I've been set up with the Aviculture crew. At ICF, there are 9 species of cranes. All the cranes are adults and it is breeding season right now. We are definitely trying to breed cranes! Many are set up in pairs. Some we allow to breed naturally, others we artificially inseminate (AI). There has been a wild whooping crane landing in crane city (the compound where we keep all the adults/breeding birds). He's been causing quite a ruckus. We keep flushing him away, but he hasn't gotten the hint yet.

First thing: morning meeting where the education staff, veterinary staff, and keeping staff all catch up with each other.

Next we clean for two hours. REALLY??? two hours? "that's it?" you say.

Yes. That leaves plenty of time for cleaning projects and individual projects. It also leaves us free to assist the veterinarians. So for the rest of the day, I watched vet procedures and helped to clean the isolation compound (ISO). I've also been assigned a couple of chapters to read in a book about cranes. I'll be able to read these in my down time.

We had a special staff lunch today. I guess this happens every couple of weeks or so. We brought in a gentleman from The Nature Conservancy who talked about everything we'd need to do to plant a diverse species grassland. OMG!! it makes me want to go out and start harvesting native species' seeds today! Though, he said optimally, you should plant about 50 lbs/acre if you are going to see the max benefit from your planted seed. I don't know how long it would take to harvest 50 lbs of wild seed. :/

He also said it's better to have 5 acres of good prairie than 50 acres of no prairie. So true.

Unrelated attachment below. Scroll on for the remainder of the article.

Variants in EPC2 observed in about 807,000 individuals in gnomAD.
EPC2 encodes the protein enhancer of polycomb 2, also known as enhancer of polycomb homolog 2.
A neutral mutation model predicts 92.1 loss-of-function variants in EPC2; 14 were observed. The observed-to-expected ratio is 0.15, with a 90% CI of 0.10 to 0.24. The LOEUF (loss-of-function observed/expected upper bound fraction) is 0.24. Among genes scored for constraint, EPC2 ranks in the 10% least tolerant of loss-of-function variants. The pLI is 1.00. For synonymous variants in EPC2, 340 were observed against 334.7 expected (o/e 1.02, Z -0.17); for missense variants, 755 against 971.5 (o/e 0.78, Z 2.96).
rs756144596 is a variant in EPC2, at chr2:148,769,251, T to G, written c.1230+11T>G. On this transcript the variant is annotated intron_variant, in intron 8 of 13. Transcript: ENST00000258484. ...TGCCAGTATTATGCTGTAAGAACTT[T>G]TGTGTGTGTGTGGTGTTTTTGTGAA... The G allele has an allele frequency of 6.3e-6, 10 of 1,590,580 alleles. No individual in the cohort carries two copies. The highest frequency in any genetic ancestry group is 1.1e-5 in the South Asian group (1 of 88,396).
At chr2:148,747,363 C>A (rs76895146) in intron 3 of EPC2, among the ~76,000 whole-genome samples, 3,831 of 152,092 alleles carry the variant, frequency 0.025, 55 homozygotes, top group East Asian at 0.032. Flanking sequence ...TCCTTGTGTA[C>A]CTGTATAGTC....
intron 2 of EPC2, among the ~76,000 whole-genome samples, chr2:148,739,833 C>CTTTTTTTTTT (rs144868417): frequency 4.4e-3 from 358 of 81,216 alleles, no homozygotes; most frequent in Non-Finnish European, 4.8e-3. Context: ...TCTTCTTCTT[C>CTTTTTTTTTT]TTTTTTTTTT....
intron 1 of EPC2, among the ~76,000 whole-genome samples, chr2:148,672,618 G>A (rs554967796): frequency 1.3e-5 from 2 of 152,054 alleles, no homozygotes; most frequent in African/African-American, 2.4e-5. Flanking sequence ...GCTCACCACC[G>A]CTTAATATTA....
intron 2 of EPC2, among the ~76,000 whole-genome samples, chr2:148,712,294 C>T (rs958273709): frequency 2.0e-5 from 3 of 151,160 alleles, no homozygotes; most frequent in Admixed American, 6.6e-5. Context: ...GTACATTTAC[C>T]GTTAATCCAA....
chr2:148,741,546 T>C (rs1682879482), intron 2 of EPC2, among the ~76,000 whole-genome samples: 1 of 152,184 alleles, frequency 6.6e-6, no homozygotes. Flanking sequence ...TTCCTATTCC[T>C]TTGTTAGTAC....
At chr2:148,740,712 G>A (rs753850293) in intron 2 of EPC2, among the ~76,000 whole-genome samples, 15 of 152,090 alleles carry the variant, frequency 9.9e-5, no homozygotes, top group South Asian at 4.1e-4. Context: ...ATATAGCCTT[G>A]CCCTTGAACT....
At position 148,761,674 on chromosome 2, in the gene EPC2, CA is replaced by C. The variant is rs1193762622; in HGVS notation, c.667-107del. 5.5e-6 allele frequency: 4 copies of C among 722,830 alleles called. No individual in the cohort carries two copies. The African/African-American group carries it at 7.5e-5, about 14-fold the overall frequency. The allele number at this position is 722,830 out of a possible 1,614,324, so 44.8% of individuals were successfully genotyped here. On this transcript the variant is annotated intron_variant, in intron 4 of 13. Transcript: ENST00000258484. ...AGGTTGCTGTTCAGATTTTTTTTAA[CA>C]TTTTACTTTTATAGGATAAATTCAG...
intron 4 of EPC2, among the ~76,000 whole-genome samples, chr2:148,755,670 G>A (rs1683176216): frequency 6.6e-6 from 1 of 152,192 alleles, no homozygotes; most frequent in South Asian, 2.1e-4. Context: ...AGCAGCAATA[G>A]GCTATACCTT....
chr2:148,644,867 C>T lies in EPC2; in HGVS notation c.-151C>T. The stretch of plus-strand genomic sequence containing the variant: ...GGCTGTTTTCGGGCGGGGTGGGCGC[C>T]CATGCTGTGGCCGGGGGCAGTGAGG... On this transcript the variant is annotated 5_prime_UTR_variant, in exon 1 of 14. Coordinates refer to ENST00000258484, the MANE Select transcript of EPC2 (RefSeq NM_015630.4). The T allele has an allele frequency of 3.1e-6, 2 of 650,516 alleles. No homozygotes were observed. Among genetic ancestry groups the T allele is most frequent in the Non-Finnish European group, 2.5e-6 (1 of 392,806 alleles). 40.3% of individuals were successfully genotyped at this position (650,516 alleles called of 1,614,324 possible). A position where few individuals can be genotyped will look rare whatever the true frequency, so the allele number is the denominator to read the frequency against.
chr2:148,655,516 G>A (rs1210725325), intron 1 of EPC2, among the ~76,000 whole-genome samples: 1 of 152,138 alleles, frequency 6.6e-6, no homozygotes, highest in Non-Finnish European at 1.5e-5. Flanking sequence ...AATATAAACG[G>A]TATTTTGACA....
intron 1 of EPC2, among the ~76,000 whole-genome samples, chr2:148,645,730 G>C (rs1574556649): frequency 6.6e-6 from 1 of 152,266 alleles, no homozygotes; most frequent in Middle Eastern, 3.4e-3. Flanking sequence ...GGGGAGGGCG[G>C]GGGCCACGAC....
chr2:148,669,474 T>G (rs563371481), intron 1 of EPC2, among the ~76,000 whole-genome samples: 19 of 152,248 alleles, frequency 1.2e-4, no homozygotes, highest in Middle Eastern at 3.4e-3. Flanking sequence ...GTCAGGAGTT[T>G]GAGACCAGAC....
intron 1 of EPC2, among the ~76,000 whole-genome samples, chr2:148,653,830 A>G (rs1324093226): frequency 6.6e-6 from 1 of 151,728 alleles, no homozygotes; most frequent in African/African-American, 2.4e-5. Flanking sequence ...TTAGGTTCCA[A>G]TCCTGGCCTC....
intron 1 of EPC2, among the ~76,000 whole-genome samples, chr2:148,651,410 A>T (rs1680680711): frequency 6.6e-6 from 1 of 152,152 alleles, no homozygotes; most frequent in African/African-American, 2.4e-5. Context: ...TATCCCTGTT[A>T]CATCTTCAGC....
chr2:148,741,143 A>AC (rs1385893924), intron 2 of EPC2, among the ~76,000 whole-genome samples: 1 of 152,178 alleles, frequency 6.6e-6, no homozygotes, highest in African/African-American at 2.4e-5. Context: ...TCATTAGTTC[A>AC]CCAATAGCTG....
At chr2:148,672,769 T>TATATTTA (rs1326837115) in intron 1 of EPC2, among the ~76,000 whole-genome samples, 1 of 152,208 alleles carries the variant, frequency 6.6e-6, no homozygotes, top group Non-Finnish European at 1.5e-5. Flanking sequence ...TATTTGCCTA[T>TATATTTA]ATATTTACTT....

Sunday, May 9, 2010

Arrival


Yes! I've arrived. I had a gorgeous drive through the Upper Peninsula. I was tempted to stop at the little zoo on M-2, but fortunately it was closed. I'm sure I would have been horrified.

I was also tempted by pasties. mmmm pasties.... but resisted since it was about 10 in the morning.

I arrived to a scenic pasture-land. There are rolling hills, lots of trees and the constant sound of bird calls. It'll be nice to leave the windows open at night.

I've unpacked all my stuff into a tiny little room that is meant for two. I'm pretty sure my bedroom at home was bigger than my new room and bathroom combined. Good thing I edited everything I packed 3 times to eliminate extra.

I begin work tomorrow, and I still don't know what to expect. I'm off to meet the other residents of my building, wish me luck!

Saturday, May 8, 2010

Well, Crap...

I leave tomorrow. I've just started packing (good thing I can only take as much stuff as I can fit in my honda civic).

I'll be leaving behind a lot of things very precious to me: my close family, my roomies, my new boyfriend, all these great friends and connections I made in the Nawsome, and my cats. Yes, I will miss my cats.

This is a picture of 4 kitties hanging out in my room (indicated by blue arrows). It was taken shortly before I left.

Thursday, May 6, 2010

My Background


I am about to move from Michigan to Wisconsin. You’d think that since they are neighboring states, it’d be easy, but I have to circumnavigate Lake Michigan. I could take the ferry across, but I didn’t purchase a ticket 2 weeks in advance (plus I hear it’s costly). Instead, I’m looking forward to driving through the upper peninsula. I’ve never seen the southern part of the UP, and I look forward to a long scenic drive on Sunday, mother’s day. I know my mother would be proud that I’m starting this new journey.